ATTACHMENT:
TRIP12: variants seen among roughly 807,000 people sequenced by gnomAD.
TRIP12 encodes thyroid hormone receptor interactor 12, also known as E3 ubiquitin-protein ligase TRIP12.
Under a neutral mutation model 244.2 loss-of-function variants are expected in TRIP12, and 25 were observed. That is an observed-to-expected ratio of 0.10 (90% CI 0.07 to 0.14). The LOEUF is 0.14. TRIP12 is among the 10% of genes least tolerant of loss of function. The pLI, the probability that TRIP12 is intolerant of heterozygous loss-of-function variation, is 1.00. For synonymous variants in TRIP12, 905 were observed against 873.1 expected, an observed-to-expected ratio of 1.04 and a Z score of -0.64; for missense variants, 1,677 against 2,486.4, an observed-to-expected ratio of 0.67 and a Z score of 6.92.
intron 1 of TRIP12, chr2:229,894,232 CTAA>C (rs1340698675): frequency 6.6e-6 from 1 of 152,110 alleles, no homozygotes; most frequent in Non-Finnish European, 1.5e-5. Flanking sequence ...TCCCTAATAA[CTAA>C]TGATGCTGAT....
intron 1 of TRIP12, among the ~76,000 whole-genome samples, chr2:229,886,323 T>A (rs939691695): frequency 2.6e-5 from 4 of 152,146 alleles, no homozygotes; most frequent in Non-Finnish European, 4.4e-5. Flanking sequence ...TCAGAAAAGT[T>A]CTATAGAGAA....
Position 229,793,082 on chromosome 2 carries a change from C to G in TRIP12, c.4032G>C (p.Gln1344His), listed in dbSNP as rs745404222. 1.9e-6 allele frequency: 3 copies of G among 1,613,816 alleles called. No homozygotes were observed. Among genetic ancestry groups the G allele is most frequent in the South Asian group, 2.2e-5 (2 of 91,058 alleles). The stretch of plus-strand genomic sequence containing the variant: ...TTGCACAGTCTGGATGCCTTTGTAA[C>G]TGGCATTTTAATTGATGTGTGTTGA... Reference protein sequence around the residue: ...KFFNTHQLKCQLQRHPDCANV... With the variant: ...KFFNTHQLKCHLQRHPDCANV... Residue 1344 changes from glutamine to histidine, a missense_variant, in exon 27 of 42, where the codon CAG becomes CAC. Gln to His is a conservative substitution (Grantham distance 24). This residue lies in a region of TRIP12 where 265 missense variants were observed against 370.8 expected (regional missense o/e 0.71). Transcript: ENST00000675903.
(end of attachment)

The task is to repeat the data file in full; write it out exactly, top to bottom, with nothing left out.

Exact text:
TRIP12: variants seen among roughly 807,000 people sequenced by gnomAD.
TRIP12 encodes thyroid hormone receptor interactor 12, also known as E3 ubiquitin-protein ligase TRIP12.
Under a neutral mutation model 244.2 loss-of-function variants are expected in TRIP12, and 25 were observed. That is an observed-to-expected ratio of 0.10 (90% CI 0.07 to 0.14). The LOEUF is 0.14. TRIP12 is among the 10% of genes least tolerant of loss of function. The pLI, the probability that TRIP12 is intolerant of heterozygous loss-of-function variation, is 1.00. For synonymous variants in TRIP12, 905 were observed against 873.1 expected, an observed-to-expected ratio of 1.04 and a Z score of -0.64; for missense variants, 1,677 against 2,486.4, an observed-to-expected ratio of 0.67 and a Z score of 6.92.
intron 1 of TRIP12, chr2:229,894,232 CTAA>C (rs1340698675): frequency 6.6e-6 from 1 of 152,110 alleles, no homozygotes; most frequent in Non-Finnish European, 1.5e-5. Flanking sequence ...TCCCTAATAA[CTAA>C]TGATGCTGAT....
intron 1 of TRIP12, among the ~76,000 whole-genome samples, chr2:229,886,323 T>A (rs939691695): frequency 2.6e-5 from 4 of 152,146 alleles, no homozygotes; most frequent in Non-Finnish European, 4.4e-5. Flanking sequence ...TCAGAAAAGT[T>A]CTATAGAGAA....
Position 229,793,082 on chromosome 2 carries a change from C to G in TRIP12, c.4032G>C (p.Gln1344His), listed in dbSNP as rs745404222. 1.9e-6 allele frequency: 3 copies of G among 1,613,816 alleles called. No homozygotes were observed. Among genetic ancestry groups the G allele is most frequent in the South Asian group, 2.2e-5 (2 of 91,058 alleles). The stretch of plus-strand genomic sequence containing the variant: ...TTGCACAGTCTGGATGCCTTTGTAA[C>G]TGGCATTTTAATTGATGTGTGTTGA... Reference protein sequence around the residue: ...KFFNTHQLKCQLQRHPDCANV... With the variant: ...KFFNTHQLKCHLQRHPDCANV... Residue 1344 changes from glutamine to histidine, a missense_variant, in exon 27 of 42, where the codon CAG becomes CAC. Gln to His is a conservative substitution (Grantham distance 24). This residue lies in a region of TRIP12 where 265 missense variants were observed against 370.8 expected (regional missense o/e 0.71). Transcript: ENST00000675903.